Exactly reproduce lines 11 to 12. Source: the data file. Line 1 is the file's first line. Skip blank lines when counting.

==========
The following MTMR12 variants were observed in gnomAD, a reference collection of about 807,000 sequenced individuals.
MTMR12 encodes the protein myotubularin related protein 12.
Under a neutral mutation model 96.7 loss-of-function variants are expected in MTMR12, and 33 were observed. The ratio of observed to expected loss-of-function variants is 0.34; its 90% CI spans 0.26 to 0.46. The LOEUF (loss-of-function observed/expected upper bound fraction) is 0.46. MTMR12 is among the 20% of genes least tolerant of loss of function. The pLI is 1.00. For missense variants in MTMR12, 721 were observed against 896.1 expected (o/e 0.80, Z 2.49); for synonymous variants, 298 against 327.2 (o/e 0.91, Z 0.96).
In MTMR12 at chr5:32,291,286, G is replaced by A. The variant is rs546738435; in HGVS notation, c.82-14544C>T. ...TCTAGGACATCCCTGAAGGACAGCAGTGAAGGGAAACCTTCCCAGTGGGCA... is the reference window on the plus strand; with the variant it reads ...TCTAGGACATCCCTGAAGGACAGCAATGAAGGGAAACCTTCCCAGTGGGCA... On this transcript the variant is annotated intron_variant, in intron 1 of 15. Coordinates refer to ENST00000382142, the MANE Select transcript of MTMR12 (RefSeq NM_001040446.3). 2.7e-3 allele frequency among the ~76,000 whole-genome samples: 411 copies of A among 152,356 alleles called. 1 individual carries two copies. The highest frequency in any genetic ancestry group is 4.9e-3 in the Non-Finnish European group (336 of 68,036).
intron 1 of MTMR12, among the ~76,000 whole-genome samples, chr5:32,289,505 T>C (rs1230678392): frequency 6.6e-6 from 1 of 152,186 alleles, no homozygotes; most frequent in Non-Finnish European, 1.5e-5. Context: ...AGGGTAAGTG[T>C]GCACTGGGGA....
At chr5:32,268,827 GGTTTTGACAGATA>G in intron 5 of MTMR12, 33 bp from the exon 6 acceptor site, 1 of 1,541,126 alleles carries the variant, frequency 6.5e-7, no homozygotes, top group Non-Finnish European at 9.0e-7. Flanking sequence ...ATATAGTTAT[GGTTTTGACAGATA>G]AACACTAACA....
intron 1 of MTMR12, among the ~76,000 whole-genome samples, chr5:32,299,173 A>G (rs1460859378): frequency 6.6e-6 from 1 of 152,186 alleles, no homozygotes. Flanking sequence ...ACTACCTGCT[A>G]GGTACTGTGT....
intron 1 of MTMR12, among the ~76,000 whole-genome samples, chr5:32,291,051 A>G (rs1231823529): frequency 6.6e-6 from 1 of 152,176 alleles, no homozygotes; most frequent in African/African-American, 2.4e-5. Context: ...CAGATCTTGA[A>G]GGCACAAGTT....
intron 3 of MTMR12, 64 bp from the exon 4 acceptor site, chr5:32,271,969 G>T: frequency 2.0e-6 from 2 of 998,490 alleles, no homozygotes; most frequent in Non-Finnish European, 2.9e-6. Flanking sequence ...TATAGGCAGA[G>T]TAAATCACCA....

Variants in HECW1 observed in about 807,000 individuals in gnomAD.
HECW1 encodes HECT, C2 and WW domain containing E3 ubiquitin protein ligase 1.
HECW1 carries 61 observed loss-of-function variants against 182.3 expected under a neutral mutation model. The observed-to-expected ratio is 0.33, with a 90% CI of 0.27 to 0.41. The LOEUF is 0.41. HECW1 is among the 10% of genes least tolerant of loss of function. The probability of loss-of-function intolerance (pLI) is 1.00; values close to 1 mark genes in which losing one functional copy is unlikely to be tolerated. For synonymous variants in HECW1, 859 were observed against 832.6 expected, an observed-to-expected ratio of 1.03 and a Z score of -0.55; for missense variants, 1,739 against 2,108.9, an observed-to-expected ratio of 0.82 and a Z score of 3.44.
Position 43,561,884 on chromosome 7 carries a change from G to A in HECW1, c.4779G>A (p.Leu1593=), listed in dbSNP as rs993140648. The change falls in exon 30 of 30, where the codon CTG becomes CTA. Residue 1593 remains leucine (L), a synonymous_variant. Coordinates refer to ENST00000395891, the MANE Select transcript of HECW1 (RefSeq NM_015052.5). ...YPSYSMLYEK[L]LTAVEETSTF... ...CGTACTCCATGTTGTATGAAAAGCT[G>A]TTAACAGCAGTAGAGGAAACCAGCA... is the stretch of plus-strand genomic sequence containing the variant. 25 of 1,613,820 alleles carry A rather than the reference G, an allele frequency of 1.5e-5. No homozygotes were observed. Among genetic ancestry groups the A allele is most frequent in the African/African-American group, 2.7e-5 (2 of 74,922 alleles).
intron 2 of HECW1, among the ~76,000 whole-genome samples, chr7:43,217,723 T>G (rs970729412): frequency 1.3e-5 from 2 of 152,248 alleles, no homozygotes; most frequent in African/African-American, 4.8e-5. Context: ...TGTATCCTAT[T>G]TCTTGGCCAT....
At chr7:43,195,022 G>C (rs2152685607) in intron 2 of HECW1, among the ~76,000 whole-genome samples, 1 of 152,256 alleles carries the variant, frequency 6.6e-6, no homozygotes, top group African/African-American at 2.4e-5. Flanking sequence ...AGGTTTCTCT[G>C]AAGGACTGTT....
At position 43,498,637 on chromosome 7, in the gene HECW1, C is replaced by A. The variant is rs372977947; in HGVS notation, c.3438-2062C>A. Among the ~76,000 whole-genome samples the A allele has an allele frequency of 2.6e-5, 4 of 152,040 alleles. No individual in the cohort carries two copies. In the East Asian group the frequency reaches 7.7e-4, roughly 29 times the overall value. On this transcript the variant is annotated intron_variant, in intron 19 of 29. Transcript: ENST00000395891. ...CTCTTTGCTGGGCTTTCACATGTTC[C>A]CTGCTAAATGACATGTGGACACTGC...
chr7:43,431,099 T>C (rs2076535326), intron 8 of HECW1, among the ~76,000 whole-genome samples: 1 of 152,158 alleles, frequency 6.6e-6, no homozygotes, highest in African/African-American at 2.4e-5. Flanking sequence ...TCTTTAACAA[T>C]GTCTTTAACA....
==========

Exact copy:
HECW1 encodes HECT, C2 and WW domain containing E3 ubiquitin protein ligase 1.
HECW1 carries 61 observed loss-of-function variants against 182.3 expected under a neutral mutation model. The observed-to-expected ratio is 0.33, with a 90% CI of 0.27 to 0.41. The LOEUF is 0.41. HECW1 is among the 10% of genes least tolerant of loss of function. The probability of loss-of-function intolerance (pLI) is 1.00; values close to 1 mark genes in which losing one functional copy is unlikely to be tolerated. For synonymous variants in HECW1, 859 were observed against 832.6 expected, an observed-to-expected ratio of 1.03 and a Z score of -0.55; for missense variants, 1,739 against 2,108.9, an observed-to-expected ratio of 0.82 and a Z score of 3.44.